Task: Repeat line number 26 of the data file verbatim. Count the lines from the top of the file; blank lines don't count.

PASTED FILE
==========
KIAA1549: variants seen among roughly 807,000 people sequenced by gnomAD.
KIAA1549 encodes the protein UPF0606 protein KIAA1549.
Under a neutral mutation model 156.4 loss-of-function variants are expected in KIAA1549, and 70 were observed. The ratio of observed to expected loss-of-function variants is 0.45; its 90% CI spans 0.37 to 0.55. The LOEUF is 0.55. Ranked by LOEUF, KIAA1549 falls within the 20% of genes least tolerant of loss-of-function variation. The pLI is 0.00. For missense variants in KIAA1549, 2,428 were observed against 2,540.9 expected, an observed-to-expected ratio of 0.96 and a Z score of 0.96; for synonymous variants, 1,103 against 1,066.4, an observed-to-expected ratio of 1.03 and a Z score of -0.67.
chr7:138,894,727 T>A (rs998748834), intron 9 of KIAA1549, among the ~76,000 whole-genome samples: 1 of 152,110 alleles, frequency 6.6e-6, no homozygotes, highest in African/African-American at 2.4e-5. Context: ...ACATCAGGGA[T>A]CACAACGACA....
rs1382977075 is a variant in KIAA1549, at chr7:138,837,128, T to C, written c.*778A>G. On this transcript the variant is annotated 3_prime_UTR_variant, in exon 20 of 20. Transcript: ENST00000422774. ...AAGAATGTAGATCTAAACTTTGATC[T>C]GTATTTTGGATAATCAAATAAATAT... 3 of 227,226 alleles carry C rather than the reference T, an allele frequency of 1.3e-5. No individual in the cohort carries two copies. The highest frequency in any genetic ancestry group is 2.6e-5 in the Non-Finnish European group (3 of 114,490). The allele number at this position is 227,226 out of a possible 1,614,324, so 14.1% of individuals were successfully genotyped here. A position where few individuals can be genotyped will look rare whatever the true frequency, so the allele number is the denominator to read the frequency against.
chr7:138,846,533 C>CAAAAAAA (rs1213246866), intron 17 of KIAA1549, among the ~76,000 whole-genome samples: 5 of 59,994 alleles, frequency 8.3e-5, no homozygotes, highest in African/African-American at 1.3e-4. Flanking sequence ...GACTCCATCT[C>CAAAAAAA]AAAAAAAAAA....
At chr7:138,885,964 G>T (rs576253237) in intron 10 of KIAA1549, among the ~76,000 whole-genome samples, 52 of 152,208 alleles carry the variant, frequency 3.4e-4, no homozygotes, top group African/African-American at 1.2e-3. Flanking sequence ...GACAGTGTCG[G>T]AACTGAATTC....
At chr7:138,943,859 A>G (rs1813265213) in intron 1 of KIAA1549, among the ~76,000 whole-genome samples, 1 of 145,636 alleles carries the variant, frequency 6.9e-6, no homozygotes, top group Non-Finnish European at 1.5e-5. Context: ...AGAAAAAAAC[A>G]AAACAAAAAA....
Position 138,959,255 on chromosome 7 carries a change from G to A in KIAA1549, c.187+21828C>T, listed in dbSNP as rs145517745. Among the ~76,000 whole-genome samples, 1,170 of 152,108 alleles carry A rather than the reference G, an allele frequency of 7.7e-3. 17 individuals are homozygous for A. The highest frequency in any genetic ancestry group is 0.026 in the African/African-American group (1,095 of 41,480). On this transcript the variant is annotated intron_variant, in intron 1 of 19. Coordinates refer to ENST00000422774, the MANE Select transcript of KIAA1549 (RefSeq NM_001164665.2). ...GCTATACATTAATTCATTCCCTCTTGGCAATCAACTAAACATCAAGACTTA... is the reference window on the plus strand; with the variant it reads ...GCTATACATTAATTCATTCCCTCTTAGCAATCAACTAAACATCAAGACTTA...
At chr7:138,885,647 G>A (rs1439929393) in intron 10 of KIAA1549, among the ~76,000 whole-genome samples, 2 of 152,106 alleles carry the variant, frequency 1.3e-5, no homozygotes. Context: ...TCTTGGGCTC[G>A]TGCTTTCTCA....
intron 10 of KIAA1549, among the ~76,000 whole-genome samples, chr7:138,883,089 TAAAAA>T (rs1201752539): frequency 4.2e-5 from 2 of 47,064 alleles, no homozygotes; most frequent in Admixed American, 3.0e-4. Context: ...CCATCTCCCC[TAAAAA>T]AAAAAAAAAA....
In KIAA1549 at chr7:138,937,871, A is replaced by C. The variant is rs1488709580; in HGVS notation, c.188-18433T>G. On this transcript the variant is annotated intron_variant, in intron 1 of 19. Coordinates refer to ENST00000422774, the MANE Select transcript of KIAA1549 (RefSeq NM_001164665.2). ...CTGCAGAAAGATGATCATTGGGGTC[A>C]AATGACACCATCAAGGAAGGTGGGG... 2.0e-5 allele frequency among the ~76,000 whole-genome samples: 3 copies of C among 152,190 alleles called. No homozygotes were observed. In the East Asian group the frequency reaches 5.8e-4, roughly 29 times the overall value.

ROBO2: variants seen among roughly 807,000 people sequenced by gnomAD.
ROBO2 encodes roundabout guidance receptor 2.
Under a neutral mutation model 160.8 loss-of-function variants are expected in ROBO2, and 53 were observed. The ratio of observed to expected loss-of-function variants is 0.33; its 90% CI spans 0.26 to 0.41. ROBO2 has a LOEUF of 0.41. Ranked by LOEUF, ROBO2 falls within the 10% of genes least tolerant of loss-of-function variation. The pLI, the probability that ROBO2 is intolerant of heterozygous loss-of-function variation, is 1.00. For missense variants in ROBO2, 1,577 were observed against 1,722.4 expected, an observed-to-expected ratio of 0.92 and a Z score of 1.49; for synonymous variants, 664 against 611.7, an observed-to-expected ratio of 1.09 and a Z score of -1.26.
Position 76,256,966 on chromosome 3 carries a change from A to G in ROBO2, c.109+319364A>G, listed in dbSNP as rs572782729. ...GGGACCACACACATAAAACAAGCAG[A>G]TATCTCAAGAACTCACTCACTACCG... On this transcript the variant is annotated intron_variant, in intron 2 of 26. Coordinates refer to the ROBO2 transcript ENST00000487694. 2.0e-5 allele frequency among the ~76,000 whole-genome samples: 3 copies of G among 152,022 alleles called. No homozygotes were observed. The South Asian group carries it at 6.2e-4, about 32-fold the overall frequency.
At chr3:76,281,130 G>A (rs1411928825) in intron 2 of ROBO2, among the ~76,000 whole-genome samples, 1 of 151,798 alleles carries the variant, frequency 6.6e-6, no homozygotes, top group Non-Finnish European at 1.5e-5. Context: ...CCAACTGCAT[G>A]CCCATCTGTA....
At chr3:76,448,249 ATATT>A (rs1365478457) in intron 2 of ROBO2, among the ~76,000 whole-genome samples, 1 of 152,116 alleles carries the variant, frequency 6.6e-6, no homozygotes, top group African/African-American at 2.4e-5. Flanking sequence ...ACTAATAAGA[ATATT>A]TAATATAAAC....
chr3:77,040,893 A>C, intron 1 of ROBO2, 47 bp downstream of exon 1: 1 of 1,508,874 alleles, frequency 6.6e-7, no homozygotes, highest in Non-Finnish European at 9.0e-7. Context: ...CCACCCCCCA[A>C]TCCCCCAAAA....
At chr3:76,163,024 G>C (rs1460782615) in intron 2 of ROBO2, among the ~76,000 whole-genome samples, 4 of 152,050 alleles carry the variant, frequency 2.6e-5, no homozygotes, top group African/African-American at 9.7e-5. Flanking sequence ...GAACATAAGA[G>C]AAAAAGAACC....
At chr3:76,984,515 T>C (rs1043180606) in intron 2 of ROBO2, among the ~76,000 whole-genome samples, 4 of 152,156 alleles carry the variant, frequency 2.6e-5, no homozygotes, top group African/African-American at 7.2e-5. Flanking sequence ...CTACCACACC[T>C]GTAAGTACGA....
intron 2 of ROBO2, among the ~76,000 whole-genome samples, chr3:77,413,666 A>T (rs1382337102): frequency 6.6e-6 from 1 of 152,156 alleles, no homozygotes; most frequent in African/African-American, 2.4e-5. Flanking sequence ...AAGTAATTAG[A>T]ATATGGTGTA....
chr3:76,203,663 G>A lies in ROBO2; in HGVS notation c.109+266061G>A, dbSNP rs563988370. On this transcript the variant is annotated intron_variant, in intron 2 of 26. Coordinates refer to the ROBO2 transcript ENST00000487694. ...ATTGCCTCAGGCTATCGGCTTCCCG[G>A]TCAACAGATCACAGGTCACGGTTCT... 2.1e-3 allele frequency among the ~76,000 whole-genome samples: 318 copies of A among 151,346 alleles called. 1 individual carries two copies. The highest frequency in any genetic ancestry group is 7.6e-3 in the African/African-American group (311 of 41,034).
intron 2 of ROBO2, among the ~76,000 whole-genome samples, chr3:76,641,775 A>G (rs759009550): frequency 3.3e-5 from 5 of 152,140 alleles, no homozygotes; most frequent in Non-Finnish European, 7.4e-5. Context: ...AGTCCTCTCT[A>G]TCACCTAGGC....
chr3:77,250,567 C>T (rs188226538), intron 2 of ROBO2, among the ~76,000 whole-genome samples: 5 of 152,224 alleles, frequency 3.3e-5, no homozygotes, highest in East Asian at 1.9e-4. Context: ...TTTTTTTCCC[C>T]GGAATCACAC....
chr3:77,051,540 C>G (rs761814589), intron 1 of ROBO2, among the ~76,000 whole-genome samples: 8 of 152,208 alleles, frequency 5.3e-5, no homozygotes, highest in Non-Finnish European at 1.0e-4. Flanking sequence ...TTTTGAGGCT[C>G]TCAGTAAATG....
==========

chr3:77,051,540 C>G (rs761814589), intron 1 of ROBO2, among the ~76,000 whole-genome samples: 8 of 152,208 alleles, frequency 5.3e-5, no homozygotes, highest in Non-Finnish European at 1.0e-4. Flanking sequence ...TTTTGAGGCT[C>G]TCAGTAAATG....